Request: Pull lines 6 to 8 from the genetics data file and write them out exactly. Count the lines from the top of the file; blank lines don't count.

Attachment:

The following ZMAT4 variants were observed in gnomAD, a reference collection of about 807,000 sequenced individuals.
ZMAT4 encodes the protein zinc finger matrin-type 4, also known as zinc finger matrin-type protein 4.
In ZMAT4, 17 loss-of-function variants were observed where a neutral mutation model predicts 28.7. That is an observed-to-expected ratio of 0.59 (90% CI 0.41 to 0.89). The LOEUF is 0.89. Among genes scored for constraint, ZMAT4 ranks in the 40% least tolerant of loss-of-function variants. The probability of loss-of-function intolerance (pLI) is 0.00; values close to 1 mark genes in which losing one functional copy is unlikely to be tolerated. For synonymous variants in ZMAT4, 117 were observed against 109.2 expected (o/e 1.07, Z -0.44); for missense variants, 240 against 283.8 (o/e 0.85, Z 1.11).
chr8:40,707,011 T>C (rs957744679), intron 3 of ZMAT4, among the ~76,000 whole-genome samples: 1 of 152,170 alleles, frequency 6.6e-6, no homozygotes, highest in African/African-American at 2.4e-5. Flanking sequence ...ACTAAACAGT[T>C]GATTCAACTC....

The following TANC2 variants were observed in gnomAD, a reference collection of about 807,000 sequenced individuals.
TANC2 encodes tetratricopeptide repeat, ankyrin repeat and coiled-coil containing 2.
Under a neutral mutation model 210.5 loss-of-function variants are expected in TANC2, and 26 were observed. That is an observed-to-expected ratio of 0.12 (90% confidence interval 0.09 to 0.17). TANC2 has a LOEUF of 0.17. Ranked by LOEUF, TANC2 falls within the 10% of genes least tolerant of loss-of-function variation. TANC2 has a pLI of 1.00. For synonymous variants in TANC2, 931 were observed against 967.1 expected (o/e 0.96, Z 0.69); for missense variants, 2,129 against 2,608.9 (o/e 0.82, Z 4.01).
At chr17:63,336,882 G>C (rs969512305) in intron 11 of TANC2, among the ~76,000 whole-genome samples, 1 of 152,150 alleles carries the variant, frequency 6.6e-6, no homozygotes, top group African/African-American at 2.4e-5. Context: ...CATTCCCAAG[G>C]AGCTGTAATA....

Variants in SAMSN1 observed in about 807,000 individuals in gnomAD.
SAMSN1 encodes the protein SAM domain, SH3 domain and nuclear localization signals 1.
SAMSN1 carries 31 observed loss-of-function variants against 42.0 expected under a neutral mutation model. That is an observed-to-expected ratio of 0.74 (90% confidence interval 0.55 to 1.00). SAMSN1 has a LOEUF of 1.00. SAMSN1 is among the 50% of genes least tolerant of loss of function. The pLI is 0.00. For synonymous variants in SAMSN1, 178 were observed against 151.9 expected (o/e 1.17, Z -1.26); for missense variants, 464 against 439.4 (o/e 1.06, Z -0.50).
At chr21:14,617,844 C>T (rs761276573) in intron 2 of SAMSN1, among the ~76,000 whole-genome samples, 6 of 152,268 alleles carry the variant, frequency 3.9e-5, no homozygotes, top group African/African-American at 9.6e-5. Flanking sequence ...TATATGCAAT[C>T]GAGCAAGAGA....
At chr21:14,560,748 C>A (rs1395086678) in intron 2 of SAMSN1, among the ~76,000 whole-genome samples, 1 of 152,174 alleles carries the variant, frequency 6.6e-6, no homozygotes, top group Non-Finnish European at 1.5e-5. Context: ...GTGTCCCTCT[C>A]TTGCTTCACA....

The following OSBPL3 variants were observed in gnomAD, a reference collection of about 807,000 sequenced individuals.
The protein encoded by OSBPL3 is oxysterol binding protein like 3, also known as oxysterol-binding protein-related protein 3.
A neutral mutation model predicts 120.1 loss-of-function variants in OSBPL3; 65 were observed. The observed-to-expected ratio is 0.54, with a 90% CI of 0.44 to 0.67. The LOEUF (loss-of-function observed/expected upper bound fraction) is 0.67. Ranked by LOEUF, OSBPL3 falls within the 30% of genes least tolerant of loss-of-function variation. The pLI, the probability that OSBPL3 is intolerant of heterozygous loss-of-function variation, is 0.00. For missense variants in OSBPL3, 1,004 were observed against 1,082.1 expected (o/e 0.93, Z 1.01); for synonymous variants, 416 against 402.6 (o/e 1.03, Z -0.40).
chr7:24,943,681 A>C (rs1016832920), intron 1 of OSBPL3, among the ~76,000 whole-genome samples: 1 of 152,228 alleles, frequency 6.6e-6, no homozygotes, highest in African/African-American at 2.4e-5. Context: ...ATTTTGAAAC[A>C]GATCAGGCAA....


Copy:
TANC2 encodes tetratricopeptide repeat, ankyrin repeat and coiled-coil containing 2.
Under a neutral mutation model 210.5 loss-of-function variants are expected in TANC2, and 26 were observed. That is an observed-to-expected ratio of 0.12 (90% confidence interval 0.09 to 0.17). TANC2 has a LOEUF of 0.17. Ranked by LOEUF, TANC2 falls within the 10% of genes least tolerant of loss-of-function variation. TANC2 has a pLI of 1.00. For synonymous variants in TANC2, 931 were observed against 967.1 expected (o/e 0.96, Z 0.69); for missense variants, 2,129 against 2,608.9 (o/e 0.82, Z 4.01).
At chr17:63,336,882 G>C (rs969512305) in intron 11 of TANC2, among the ~76,000 whole-genome samples, 1 of 152,150 alleles carries the variant, frequency 6.6e-6, no homozygotes, top group African/African-American at 2.4e-5. Context: ...CATTCCCAAG[G>C]AGCTGTAATA....